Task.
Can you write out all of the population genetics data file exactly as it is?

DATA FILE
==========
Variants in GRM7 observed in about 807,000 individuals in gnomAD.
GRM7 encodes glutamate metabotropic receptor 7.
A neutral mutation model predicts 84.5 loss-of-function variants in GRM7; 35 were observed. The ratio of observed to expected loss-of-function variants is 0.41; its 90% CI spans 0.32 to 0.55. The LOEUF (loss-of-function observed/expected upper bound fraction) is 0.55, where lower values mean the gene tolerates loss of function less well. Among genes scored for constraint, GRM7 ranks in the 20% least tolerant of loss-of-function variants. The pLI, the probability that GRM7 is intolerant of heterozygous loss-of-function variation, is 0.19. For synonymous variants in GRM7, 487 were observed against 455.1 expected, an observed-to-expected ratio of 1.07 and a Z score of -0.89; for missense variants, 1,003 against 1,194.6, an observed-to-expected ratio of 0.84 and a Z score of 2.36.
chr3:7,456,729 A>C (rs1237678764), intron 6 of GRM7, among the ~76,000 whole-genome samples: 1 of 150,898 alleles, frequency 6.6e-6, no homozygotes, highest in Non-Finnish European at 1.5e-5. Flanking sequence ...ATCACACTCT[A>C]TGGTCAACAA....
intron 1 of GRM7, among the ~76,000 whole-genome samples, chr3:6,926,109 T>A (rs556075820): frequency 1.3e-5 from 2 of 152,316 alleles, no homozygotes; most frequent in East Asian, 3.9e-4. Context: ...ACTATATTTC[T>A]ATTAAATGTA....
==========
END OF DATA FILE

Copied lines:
Variants in GRM7 observed in about 807,000 individuals in gnomAD.
GRM7 encodes glutamate metabotropic receptor 7.
A neutral mutation model predicts 84.5 loss-of-function variants in GRM7; 35 were observed. The ratio of observed to expected loss-of-function variants is 0.41; its 90% CI spans 0.32 to 0.55. The LOEUF (loss-of-function observed/expected upper bound fraction) is 0.55, where lower values mean the gene tolerates loss of function less well. Among genes scored for constraint, GRM7 ranks in the 20% least tolerant of loss-of-function variants. The pLI, the probability that GRM7 is intolerant of heterozygous loss-of-function variation, is 0.19. For synonymous variants in GRM7, 487 were observed against 455.1 expected, an observed-to-expected ratio of 1.07 and a Z score of -0.89; for missense variants, 1,003 against 1,194.6, an observed-to-expected ratio of 0.84 and a Z score of 2.36.
chr3:7,456,729 A>C (rs1237678764), intron 6 of GRM7, among the ~76,000 whole-genome samples: 1 of 150,898 alleles, frequency 6.6e-6, no homozygotes, highest in Non-Finnish European at 1.5e-5. Flanking sequence ...ATCACACTCT[A>C]TGGTCAACAA....
intron 1 of GRM7, among the ~76,000 whole-genome samples, chr3:6,926,109 T>A (rs556075820): frequency 1.3e-5 from 2 of 152,316 alleles, no homozygotes; most frequent in East Asian, 3.9e-4. Context: ...ACTATATTTC[T>A]ATTAAATGTA....